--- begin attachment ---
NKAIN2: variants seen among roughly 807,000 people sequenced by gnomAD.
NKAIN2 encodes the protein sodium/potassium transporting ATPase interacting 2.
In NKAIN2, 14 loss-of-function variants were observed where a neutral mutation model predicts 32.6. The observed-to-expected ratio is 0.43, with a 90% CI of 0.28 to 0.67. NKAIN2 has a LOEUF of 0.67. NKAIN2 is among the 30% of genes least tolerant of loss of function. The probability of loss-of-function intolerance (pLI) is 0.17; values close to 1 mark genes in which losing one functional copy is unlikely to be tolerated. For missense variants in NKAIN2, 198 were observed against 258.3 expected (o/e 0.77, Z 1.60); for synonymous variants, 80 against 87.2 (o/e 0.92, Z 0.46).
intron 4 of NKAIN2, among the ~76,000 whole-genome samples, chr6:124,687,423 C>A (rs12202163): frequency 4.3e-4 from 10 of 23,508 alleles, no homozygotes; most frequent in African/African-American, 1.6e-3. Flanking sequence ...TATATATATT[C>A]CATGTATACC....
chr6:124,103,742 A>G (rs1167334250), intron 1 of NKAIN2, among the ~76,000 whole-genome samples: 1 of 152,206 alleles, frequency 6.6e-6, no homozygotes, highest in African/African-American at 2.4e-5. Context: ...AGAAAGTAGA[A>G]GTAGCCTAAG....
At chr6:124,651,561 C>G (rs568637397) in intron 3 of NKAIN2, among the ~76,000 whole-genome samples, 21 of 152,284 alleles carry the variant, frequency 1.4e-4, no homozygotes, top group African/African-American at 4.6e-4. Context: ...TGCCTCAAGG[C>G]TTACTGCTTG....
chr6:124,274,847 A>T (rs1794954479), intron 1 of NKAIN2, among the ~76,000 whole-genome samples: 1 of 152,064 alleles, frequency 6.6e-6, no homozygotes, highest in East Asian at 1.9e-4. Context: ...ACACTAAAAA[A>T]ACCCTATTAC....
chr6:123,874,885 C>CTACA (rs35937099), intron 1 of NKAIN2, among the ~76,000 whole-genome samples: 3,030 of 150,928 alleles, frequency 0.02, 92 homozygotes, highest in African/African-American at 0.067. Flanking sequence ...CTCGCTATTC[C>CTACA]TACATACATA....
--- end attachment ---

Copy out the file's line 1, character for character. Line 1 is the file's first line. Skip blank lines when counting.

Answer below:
NKAIN2: variants seen among roughly 807,000 people sequenced by gnomAD.